US fines 16 Wall Street firms $1.1 bn for lax recordkeeping

US regulators fined 16 Wall Street firms a total of $1.1 billion over failures to keep electronic records such as text messages between employees, the Securities and Exchange Commission announced Tuesday.. An SEC press release faulted the companies over "longstanding failures" to maintain and preserve electronic communications that must be available to regulators in the course of oversight.

US regulators fined 16 Wall Street firms a total of $1.1 billion over failures to keep electronic records such as text messages between employees, the Securities and Exchange Commission announced Tuesday.

Barclays, Bank of America, Deutsche Bank and Goldman Sachs were among the firms that agreed to pay $125 million each to settle the charges. 

An SEC press release faulted the companies over "longstanding failures" to maintain and preserve electronic communications that must be available to regulators in the course of oversight.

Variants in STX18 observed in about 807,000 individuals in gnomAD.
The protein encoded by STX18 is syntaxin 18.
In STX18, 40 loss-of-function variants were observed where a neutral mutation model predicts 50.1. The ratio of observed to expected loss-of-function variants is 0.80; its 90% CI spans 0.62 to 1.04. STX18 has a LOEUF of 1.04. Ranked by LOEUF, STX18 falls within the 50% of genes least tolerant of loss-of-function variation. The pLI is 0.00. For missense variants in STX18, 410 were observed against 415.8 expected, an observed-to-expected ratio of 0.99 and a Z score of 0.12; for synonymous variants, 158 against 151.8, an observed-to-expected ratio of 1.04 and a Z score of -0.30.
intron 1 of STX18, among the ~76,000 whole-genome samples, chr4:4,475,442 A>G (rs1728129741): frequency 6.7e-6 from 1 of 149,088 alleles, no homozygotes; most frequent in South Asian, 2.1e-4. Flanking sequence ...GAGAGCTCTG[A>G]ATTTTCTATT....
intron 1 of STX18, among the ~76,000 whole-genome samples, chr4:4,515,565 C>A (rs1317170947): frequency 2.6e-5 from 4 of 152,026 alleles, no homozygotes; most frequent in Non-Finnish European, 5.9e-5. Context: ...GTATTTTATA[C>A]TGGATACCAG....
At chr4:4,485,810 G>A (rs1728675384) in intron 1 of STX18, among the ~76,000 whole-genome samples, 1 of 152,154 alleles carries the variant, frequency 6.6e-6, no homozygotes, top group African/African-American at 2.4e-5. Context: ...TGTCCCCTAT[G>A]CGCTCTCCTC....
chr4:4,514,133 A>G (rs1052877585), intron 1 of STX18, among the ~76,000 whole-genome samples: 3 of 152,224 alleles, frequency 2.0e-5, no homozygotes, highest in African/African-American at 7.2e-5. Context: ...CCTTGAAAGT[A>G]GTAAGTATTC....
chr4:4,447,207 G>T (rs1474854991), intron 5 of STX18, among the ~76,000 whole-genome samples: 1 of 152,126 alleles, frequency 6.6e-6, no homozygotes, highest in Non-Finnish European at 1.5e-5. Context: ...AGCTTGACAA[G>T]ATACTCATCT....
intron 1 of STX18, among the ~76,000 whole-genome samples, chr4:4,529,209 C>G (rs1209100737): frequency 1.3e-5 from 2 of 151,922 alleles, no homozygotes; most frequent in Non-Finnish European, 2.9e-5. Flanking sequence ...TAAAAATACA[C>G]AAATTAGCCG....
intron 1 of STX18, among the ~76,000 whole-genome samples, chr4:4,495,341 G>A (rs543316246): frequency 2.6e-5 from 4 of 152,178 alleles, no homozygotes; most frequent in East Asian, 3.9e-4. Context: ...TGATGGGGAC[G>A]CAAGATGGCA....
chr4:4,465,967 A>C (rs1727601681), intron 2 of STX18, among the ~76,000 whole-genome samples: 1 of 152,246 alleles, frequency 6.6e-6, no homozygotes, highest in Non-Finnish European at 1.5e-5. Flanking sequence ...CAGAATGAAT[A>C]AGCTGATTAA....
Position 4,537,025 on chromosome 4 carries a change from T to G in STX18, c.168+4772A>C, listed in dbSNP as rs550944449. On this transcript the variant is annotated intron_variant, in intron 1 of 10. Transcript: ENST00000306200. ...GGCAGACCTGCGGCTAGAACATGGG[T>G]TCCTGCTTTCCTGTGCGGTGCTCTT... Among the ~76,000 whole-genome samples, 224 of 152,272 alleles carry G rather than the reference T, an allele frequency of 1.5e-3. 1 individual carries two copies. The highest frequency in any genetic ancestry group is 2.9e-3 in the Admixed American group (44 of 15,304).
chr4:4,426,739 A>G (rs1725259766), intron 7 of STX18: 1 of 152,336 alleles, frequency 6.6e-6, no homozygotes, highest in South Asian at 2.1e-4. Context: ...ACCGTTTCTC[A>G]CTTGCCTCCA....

"Finance, ultimately, depends on trust. By failing to honor their recordkeeping and books-and-records obligations, the market participants we have charged today have failed to maintain that trust," said SEC Chair Gary Gensler in a statement. "Since the 1930s, such recordkeeping has been vital to preserve market integrity.

"As technology changes, it's even more important that registrants appropriately conduct their communications about business matters within only official channels, and they must maintain and preserve those communications."

An SEC investigation uncovered "pervasive off-channel communications" involving a range of senior and junior investment bankers and traders.

These omissions "likely" deprived the SEC of communications in agency probes, the press release said.

Other financial giants agreeing to a $125 million settlement were Citigroup, Credit Suisse, Morgan Stanley and UBS. Jefferies and Nomura agreed to penalties of $50 million each, while Cantor Fitzgerald agreed to a $10 million penalty.

The SEC in December 2021 fined JPMorgan Chase $125 million for the offense, spurring an industry-wide regulatory crackdown on poor recordkeeping, the SEC said.

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